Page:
Metro’s discharge permits require that we collect and analyze samples of the wastewater entering (influent) at both RWHTF and NTP for various contaminants.

In Colorado’s discharge permits, the requirements associated with collecting and analyzing samples are called monitoring requirements. In addition to specifying what contaminants need to be monitored, the permits also specify:

  • how frequently samples must be collected
  • the type of samples that must be collected
  • which analytical methods can be used
  • the minimum quantitation levels that each analyses must meet

The monitoring requirements applicable to the influent of each plant are generally intended to provide the state regulators, the Water Quality Control Division (WQCD) within the Colorado Department of Public Health and Environment (CDPHE) and the EPA with information about the contaminant levels in the wastewater that we need to treat, information about federal and local contaminants of concern that are or may need to be regulated by Metro’s IPP, and part of the information that they need to understand how well we are treating certain contaminants.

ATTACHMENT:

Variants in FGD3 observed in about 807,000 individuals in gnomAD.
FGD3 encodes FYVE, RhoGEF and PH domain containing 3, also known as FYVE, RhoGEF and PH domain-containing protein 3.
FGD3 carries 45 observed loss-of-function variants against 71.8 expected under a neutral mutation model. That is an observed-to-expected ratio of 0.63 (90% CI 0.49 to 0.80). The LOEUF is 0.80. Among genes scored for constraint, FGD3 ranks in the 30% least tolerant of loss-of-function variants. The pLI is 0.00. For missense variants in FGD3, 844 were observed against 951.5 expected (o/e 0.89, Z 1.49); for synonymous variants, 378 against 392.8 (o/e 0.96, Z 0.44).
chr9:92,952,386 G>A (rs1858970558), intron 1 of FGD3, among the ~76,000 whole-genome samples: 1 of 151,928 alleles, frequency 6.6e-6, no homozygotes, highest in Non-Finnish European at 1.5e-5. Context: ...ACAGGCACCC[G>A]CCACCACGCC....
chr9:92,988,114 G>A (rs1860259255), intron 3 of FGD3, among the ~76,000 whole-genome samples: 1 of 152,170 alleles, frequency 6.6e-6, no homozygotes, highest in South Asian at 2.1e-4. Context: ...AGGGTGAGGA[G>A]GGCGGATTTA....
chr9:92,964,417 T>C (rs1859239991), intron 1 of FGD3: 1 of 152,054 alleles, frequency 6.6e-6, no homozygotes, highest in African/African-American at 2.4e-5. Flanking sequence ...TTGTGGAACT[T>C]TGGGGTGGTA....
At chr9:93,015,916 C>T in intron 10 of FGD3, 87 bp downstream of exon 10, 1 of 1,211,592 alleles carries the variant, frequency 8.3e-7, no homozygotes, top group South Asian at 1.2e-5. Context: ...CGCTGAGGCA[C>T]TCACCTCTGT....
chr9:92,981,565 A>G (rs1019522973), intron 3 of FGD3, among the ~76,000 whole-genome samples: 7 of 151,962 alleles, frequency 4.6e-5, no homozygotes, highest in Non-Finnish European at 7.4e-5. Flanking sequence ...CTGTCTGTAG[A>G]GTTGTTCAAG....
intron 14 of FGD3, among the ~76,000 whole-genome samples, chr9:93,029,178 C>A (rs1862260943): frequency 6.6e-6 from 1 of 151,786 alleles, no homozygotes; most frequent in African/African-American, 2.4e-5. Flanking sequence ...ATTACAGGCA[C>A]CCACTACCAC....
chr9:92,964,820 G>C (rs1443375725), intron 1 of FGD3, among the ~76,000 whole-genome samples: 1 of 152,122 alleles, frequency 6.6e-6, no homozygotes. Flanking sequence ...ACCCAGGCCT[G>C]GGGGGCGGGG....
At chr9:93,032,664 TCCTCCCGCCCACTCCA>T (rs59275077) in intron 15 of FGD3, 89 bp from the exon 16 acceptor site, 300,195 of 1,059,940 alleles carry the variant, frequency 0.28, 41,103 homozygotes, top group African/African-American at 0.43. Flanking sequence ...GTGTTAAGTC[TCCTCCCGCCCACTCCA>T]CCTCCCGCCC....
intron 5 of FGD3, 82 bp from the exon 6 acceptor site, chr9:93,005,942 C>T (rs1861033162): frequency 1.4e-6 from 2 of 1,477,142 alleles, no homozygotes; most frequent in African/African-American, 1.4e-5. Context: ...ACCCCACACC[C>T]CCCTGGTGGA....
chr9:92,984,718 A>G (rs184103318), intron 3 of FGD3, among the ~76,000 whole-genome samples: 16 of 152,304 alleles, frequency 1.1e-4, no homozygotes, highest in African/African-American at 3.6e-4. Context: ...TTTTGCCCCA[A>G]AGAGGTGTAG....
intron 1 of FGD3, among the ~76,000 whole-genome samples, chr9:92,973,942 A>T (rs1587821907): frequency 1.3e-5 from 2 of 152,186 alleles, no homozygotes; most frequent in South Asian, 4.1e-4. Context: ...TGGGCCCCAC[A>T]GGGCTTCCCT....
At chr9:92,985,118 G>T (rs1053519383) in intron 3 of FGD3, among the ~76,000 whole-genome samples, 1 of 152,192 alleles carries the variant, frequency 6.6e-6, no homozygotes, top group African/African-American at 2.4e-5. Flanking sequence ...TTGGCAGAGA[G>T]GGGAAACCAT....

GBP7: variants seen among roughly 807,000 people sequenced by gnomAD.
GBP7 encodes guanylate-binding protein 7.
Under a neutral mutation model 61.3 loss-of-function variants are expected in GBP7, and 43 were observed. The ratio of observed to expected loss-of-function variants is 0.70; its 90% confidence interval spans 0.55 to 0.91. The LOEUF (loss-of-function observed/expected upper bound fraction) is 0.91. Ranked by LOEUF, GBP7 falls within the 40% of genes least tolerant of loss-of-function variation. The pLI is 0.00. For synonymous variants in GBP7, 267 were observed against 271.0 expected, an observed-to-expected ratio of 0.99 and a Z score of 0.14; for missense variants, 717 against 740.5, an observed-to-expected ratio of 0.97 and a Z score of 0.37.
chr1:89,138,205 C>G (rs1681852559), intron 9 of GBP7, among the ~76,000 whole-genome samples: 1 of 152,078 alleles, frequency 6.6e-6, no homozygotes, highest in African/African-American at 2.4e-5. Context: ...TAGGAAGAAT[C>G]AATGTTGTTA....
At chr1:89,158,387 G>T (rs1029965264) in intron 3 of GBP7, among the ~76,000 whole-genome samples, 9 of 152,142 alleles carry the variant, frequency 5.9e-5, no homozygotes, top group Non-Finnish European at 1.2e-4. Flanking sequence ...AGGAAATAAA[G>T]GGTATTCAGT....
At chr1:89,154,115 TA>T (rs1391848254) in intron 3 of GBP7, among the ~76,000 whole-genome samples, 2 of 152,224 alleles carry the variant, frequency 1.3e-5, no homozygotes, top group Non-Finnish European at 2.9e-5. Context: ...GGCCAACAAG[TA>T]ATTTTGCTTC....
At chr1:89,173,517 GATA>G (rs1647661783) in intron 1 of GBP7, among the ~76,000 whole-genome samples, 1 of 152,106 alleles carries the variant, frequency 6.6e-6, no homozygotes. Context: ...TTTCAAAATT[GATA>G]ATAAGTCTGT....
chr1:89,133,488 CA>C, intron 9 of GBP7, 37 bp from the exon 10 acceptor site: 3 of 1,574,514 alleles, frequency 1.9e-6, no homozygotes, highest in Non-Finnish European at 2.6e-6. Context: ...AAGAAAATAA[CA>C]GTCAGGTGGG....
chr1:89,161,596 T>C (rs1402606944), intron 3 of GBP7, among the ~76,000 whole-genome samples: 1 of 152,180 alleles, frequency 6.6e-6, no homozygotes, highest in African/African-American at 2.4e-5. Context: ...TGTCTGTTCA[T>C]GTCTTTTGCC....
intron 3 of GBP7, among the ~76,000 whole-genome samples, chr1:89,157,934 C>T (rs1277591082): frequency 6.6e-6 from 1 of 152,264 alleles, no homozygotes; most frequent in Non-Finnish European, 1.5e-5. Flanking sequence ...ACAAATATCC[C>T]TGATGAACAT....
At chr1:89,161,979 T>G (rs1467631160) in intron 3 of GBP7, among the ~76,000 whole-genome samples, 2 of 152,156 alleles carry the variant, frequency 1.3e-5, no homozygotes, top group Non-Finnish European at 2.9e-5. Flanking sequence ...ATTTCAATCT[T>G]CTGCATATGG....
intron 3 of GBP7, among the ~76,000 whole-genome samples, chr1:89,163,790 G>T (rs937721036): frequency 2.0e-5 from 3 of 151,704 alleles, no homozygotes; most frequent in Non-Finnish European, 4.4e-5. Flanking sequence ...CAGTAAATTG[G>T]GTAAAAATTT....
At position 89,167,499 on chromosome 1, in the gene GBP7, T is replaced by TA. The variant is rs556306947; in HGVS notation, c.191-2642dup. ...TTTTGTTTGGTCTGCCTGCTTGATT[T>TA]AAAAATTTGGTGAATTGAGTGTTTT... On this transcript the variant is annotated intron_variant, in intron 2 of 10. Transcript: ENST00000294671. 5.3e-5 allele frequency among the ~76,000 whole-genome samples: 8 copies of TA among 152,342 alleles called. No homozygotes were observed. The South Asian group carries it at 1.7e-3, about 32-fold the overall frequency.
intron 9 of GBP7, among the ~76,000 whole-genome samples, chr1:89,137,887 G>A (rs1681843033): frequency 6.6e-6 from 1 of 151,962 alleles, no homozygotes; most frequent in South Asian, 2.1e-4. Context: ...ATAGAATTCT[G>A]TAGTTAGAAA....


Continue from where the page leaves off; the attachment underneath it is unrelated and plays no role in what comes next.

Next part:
Each of Metro’s discharge permits also include a specified “design capacity” rating or amount of flow and contaminant loadings that each plant can treat.

Colorado law requires that the design capacity for POTWs be determined by WQCD engineers. The WQCD engineers base their determination upon technical information that the POTW provides for its facilities and the WQCD’s specific engineering criteria for POTWs.

The design capacity in discharge permits for POTWs is expressed in terms of hydraulic flow (in million gallons per day, MGD) and organic loading (in pounds or tons of 5-day biochemical oxygen demand (BOD5) per day or carbonaceous biochemical oxygen demand (cBOD) per day).